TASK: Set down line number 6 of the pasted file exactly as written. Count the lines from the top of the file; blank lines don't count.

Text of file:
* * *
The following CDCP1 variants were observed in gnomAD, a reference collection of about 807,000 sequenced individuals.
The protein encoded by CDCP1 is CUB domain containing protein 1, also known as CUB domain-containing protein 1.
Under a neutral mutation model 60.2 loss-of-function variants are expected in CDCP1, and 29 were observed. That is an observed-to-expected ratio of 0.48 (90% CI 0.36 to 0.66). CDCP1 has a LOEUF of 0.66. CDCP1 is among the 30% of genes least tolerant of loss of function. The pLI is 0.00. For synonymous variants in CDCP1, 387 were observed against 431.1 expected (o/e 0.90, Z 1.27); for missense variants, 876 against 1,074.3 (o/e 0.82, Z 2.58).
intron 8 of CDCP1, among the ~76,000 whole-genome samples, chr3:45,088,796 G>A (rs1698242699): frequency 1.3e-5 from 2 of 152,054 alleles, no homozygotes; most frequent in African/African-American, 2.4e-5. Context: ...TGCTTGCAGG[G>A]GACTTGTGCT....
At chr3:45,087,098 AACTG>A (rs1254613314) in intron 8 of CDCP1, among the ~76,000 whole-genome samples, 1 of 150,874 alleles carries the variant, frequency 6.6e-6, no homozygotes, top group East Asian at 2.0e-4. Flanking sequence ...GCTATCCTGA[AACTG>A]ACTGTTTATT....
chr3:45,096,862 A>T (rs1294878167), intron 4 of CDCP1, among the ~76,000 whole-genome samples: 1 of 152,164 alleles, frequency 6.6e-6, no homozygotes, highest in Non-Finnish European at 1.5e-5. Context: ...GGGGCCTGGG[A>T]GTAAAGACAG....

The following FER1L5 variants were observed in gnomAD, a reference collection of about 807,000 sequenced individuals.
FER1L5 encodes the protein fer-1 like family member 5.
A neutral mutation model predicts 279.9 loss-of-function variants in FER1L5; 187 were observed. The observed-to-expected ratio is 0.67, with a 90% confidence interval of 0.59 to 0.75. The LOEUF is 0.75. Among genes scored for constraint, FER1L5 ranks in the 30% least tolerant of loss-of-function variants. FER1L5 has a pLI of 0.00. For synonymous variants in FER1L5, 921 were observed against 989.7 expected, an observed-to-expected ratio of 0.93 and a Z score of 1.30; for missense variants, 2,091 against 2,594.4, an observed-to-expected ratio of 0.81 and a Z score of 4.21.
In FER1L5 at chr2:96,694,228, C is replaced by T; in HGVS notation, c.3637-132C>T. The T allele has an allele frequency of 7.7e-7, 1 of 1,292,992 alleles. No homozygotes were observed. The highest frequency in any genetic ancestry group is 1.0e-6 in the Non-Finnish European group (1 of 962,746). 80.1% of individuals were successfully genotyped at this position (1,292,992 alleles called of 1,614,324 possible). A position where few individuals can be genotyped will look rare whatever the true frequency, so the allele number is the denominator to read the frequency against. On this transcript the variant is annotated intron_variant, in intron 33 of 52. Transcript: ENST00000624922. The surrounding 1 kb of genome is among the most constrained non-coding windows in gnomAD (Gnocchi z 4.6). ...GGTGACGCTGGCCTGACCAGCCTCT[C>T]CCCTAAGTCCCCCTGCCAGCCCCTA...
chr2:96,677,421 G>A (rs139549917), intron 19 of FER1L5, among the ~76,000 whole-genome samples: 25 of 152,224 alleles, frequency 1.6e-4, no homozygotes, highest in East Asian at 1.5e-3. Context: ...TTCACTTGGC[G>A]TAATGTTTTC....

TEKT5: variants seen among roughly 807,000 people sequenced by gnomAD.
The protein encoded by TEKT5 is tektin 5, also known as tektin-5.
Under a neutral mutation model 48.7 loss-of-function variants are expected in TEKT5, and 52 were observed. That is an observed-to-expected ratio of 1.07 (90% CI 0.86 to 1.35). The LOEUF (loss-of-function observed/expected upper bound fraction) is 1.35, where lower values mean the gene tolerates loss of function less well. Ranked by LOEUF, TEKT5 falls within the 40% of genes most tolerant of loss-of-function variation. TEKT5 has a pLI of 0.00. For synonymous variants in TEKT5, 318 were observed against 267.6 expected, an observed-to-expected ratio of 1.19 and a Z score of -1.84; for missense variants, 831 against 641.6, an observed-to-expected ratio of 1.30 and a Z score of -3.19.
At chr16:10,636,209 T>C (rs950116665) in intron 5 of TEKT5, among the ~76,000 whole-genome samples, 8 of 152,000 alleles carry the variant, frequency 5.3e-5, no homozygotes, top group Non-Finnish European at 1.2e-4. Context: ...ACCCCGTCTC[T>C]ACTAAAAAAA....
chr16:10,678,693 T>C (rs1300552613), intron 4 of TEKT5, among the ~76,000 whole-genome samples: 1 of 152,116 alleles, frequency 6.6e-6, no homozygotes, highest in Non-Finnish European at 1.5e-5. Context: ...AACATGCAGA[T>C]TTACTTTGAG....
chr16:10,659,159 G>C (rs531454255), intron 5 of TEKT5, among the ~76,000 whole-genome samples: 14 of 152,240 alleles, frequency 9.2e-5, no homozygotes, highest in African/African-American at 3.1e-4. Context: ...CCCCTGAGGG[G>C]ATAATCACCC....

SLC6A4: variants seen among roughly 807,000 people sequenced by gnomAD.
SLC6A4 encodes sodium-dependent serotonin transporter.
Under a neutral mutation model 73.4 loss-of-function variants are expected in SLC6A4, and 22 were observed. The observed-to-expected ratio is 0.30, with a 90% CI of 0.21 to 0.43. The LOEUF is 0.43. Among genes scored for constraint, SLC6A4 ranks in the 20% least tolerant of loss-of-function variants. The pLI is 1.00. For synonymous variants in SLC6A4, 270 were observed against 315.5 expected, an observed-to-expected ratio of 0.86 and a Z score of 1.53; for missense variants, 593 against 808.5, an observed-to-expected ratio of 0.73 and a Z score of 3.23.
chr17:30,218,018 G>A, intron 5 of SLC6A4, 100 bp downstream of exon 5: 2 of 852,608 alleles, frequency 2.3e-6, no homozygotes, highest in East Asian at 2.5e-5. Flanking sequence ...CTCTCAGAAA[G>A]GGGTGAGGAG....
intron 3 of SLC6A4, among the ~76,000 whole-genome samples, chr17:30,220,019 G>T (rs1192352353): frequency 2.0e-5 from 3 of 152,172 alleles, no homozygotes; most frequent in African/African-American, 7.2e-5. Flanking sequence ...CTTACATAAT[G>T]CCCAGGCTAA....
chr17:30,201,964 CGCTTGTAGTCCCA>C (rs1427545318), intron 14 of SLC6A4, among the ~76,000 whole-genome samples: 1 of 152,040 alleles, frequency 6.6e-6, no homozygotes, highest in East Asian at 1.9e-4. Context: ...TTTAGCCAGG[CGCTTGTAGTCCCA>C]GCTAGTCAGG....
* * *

chr3:45,096,862 A>T (rs1294878167), intron 4 of CDCP1, among the ~76,000 whole-genome samples: 1 of 152,164 alleles, frequency 6.6e-6, no homozygotes, highest in Non-Finnish European at 1.5e-5. Context: ...GGGGCCTGGG[A>T]GTAAAGACAG....